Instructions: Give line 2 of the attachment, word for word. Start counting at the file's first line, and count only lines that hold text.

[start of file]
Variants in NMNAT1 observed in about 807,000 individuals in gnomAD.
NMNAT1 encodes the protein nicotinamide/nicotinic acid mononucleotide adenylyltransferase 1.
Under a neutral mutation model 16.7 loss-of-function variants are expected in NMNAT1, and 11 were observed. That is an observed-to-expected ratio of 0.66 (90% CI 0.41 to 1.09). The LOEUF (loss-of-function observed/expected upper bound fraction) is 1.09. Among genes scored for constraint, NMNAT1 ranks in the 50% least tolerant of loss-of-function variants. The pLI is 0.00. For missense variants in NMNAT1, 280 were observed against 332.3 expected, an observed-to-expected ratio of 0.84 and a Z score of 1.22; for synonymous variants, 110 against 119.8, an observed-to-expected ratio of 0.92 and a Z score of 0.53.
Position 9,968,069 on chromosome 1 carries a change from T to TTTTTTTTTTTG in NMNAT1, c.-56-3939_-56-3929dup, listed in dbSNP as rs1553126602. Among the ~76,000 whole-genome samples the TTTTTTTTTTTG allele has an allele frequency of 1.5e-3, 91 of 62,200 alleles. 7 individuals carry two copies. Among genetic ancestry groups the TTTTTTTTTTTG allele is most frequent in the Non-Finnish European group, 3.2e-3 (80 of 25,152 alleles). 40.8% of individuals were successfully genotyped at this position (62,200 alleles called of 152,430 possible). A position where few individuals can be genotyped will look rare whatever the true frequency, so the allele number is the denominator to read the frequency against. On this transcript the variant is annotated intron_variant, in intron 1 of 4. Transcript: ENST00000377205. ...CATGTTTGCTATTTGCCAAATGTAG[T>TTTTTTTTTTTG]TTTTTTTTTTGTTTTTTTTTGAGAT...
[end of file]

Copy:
NMNAT1 encodes the protein nicotinamide/nicotinic acid mononucleotide adenylyltransferase 1.